Compliance can be a challenge for small and midsize businesses because they may not have a full-time safety professional on staff, but Razer Safety and Health can assist your company in filling in the gaps.

How to Avoid OSHA's "Fatal Four" Construction Hazards

In the construction industry, certain hazards are present every day on the job site.
The Occupational Safety & Health Administration (OSHA) has identified the four leading causes of fatalities in the construction industry – known as OSHA’s “Fatal Four Hazards” or "Construction Focus Four Hazards".
The Fatal Four Hazards consist of falls, electrical exposure, struck-by and caught-in/between situations, and result in 545 worker fatalities in the United States every year.
Fall Hazards - Harness Inspection Guidelines https://www.osha.gov/sites/default/files/2018-12/fy15_sh-27664-sh5_Lifeline_Harness_Inspection_Guide.pdf
Falls are the number one killer of construction workers on the job.
The different heights at which fall protection is required are:

If a worker is performing a job above one of the heights mentioned above, one of these systems must be in place:

Make sure to identify fall hazards such as holes in platforms and unguarded edges before work begins.
Electrocutions
One of the top ten most cited OSHA standards; electrocutions are the second deadliest fatal four construction hazard. That’s why OSHA has a specific regulatory standard for safety training and electrical work.
Here are some safe work practices for live electrical work on the jobsite:

Struck-By Object/Hazard
A struck-by hazard is anything at a worksite that could produce injuries by forcible contact or impact between the injured person and an object or piece of equipment.
The difficulty with protecting workers from flying objects is that they may not be participating in the work that causes the object to fly.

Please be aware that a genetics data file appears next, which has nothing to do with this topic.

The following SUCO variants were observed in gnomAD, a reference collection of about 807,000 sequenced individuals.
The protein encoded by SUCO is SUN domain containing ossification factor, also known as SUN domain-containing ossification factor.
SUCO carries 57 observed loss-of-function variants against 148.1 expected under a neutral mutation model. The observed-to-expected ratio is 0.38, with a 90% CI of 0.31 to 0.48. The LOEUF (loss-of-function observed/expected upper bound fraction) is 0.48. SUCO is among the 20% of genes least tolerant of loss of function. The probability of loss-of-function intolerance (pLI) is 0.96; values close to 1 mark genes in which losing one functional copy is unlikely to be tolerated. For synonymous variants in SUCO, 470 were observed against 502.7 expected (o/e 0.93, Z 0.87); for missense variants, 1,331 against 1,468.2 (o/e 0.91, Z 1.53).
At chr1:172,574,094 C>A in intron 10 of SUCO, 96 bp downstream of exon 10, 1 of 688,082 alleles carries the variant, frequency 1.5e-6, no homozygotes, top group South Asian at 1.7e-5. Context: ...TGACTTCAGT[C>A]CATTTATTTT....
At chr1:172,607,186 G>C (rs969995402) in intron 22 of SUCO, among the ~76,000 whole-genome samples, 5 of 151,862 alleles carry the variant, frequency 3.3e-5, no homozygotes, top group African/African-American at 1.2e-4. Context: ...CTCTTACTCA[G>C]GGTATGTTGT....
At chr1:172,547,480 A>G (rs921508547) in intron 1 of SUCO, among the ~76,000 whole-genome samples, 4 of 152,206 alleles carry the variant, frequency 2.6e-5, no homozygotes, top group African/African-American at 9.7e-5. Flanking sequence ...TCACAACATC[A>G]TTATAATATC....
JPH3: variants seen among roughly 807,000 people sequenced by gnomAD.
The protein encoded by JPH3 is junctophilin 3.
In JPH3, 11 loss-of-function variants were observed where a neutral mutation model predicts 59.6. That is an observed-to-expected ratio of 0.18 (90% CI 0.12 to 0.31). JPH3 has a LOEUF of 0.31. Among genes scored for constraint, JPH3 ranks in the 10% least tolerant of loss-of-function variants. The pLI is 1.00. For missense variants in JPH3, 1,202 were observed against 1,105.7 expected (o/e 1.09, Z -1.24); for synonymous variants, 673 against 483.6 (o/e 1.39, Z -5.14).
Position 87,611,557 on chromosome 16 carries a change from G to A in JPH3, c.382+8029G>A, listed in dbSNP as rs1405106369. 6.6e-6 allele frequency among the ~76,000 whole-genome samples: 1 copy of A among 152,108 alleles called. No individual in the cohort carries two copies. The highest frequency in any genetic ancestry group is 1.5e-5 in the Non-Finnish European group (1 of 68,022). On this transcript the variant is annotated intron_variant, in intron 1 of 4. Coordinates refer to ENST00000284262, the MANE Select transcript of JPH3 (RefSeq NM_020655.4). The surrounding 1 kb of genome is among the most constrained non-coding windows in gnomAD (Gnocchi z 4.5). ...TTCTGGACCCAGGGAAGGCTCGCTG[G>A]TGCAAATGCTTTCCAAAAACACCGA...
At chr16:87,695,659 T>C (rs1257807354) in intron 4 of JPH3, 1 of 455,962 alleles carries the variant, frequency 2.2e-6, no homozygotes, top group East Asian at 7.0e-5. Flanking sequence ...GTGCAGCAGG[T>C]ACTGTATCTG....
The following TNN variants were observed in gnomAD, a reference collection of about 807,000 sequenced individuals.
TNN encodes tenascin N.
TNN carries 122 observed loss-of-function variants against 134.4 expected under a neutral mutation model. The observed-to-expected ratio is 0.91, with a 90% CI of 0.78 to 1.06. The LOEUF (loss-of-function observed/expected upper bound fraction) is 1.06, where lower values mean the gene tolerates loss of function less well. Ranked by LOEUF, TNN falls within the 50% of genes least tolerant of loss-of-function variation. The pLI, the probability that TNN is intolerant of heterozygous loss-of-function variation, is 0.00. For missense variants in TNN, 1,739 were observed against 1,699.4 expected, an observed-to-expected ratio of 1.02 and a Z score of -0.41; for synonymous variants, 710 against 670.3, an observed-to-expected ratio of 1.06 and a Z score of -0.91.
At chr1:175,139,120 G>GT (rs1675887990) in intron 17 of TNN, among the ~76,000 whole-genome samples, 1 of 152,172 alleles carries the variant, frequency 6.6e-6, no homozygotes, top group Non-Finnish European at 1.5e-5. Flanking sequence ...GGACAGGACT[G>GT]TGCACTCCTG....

Workers need to make sure coworkers follow the safety rules outlined by OSHA and the employer, and wear appropriate personal protective equipment (PPE) for the worksite.
There are four Struck-by hazard categories:

OSHA requires employers to protect workers from struck-by hazards. Employers are required to:

Caught-in/Between
Trench and excavation cave-ins, and workplace accidents where workers are pinned or caught-between machinery or fixed structures, often happen suddenly and without warning.
To avoid being caught in or between objects:

Data & Statistics from OSHA https://www.osha.gov/oshstats/index.html

Inspection Detail Definitions

Industrial Hygiene Air Sampling Data

OSHA Data Initiative

Statistics


OSHA has partnered with the National Institute for Occupational Safety and Health and National Occupational Research Agenda (NORA) - Construction Sector on this nationwide outreach campaign to raise awareness among workers and employers about common fall hazards in construction, and how falls from ladders, scaffolds and roofs can be prevented and lives can be saved.

Here's how: Plan, Provide, And Train
OHSA Stop Falls:  https://www.osha.gov/stopfalls/#plan

More links for OSHA and Fall Protection Assistance:

OSHA Fall Protection Subpart
Safety Training
OSHA etools for Fall Protection 
CDC Fall Injuries Prevention In The Workplace
NIOSH Ladder Safety app for mobile devices

More Resources